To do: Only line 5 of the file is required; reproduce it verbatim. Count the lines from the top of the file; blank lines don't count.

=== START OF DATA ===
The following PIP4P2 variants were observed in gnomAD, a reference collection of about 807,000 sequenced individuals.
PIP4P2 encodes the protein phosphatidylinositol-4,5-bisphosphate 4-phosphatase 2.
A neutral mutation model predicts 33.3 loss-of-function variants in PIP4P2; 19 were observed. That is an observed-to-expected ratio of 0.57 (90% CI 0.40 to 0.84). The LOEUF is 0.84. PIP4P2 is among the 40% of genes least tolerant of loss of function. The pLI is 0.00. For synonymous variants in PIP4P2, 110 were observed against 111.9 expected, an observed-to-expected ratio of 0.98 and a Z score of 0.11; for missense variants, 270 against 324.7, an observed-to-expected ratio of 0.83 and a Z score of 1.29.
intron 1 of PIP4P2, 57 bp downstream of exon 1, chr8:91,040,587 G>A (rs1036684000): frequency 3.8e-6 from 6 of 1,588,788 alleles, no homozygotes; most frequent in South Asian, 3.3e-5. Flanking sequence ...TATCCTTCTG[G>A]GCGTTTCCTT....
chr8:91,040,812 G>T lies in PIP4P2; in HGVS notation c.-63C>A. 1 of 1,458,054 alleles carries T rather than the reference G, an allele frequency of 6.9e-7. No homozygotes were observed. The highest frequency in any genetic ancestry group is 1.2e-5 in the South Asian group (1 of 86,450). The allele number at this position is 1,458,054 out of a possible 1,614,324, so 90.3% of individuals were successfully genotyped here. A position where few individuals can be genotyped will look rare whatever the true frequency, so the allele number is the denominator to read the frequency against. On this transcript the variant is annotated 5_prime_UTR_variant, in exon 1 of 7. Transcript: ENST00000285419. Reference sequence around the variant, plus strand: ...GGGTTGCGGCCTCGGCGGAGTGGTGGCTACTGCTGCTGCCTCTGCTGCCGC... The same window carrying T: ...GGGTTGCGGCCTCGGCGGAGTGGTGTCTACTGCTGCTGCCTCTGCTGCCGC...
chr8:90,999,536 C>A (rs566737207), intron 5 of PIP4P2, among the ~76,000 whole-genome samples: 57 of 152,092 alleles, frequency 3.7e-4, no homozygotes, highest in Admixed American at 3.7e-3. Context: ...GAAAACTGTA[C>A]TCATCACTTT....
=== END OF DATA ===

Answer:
chr8:91,040,812 G>T lies in PIP4P2; in HGVS notation c.-63C>A. 1 of 1,458,054 alleles carries T rather than the reference G, an allele frequency of 6.9e-7. No homozygotes were observed. The highest frequency in any genetic ancestry group is 1.2e-5 in the South Asian group (1 of 86,450). The allele number at this position is 1,458,054 out of a possible 1,614,324, so 90.3% of individuals were successfully genotyped here. A position where few individuals can be genotyped will look rare whatever the true frequency, so the allele number is the denominator to read the frequency against. On this transcript the variant is annotated 5_prime_UTR_variant, in exon 1 of 7. Transcript: ENST00000285419. Reference sequence around the variant, plus strand: ...GGGTTGCGGCCTCGGCGGAGTGGTGGCTACTGCTGCTGCCTCTGCTGCCGC... The same window carrying T: ...GGGTTGCGGCCTCGGCGGAGTGGTGTCTACTGCTGCTGCCTCTGCTGCCGC...